Prostitution is defined as the promotion of or participation in sexual activities for profit. In the United States and many other countries prostitution is illegal. This means that in addition to not being allowed to sell sex yourself, you cannot own or manage a dwelling where prostitution takes place or do anything else to promote sex for profit.
In many other countries, however, prostitution is legalized and/or regulated. A few of these countries include Denmark, Finland and Costa Rica. These countries usually regulate the industry to make sure that minors do not get taken advantage of and to prevent the spread of disease.
Prostitution is a kind of commercialized vice but the two terms are not fully interchangeable. Commercialized vice can also include things like keeping a disorderly house (as in an illegal junkyard), detaining women for illegal purposes, buying or selling endangered animals, drug dealing, and human trafficking.
Commercialized vice is illegal in the United States in each of these forms. The way each state and municipality enforces these laws varies, however. Why are prostitution and commercialized vice illegal in the United States while other countries handle these things differently?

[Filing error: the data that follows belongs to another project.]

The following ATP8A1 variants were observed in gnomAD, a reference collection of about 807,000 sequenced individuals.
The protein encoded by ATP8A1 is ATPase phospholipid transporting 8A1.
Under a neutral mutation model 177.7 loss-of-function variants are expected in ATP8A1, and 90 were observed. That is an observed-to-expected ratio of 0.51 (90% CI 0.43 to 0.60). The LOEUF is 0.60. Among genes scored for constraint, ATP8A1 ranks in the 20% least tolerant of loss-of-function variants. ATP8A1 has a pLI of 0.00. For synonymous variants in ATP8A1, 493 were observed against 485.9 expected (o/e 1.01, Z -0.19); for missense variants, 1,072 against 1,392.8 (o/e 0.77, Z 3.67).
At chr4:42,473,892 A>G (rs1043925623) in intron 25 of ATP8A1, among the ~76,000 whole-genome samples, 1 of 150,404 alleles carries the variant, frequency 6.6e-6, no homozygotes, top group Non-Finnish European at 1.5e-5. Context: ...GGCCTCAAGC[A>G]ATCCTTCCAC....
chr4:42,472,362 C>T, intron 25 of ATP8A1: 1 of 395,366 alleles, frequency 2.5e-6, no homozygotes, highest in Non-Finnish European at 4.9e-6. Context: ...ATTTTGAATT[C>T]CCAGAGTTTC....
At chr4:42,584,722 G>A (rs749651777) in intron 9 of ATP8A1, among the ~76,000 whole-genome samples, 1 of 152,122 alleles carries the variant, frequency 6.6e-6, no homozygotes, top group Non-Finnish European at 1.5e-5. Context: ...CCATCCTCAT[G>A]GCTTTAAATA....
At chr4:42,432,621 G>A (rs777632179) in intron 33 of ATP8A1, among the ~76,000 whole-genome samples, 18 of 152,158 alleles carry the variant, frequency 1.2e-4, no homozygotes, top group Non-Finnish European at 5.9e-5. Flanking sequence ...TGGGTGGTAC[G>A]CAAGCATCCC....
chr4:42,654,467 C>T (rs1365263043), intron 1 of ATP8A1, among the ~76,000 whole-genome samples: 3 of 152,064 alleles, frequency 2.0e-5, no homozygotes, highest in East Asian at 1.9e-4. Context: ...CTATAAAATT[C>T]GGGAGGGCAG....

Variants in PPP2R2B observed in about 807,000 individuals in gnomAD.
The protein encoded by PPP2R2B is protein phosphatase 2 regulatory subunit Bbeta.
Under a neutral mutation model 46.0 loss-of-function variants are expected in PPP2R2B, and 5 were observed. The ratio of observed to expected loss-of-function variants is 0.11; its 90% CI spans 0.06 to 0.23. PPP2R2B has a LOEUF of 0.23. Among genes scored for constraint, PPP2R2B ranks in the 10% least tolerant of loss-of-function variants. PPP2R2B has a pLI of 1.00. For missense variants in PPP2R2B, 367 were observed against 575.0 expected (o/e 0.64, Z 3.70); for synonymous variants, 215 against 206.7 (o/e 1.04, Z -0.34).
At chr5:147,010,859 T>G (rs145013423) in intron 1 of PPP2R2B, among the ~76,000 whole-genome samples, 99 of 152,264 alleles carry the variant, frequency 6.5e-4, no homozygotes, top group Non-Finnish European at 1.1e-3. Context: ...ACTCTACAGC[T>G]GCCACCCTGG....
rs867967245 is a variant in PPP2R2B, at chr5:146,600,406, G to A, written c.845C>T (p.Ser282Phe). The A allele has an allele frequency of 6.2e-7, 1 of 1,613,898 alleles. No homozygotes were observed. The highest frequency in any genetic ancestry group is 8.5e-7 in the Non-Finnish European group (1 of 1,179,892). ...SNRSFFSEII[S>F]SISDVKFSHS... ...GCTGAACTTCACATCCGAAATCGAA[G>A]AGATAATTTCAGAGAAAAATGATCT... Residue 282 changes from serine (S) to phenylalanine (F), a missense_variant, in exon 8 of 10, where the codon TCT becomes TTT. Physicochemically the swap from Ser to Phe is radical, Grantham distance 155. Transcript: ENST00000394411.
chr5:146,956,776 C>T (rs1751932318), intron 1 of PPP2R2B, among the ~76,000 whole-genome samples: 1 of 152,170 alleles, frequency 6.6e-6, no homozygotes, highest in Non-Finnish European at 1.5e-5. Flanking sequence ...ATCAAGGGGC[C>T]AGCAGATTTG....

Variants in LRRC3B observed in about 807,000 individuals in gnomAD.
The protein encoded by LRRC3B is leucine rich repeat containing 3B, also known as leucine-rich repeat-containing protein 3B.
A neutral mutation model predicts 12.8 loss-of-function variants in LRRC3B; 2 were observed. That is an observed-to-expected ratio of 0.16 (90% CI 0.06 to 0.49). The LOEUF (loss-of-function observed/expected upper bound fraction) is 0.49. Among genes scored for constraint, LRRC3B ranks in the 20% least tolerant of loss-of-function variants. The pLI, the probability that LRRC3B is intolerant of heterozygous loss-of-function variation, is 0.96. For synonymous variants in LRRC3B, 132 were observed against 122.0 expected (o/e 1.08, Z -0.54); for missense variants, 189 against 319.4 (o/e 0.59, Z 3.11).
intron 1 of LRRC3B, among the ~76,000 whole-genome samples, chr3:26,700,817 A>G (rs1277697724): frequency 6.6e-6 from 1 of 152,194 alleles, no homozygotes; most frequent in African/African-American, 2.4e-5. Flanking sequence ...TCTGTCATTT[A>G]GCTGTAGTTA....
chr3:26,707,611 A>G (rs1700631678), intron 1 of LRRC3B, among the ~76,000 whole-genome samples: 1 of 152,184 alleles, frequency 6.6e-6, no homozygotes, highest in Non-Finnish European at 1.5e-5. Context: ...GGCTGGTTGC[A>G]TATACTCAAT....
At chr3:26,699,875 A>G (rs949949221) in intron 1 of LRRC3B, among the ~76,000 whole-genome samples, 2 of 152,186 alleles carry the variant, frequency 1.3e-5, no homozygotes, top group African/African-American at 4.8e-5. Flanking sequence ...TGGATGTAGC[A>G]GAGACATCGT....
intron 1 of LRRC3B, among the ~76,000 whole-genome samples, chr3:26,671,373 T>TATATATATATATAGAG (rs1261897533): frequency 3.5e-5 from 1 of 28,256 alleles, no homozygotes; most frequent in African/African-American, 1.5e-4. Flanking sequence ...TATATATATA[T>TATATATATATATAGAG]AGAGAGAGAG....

The United States is still a very young nation. The regulations and laws in the United States are often more stringent than those in other countries because over time the powers that be have realized that prostitution and commercialize vice are not necessarily “victimless” crimes. How so?
Prostitution and human tracking organizations makes billions of dollars each year by taking advantage of women and children. Additionally, the government provides ways for people who need financial help to get that help without having to sell their bodies.
A lot of times “victimless” crimes do have victims, but they are so far down the line it’s hard to tell. To protect the rights of its citizens the U.S. government has decided to institute laws to protect everyone equally.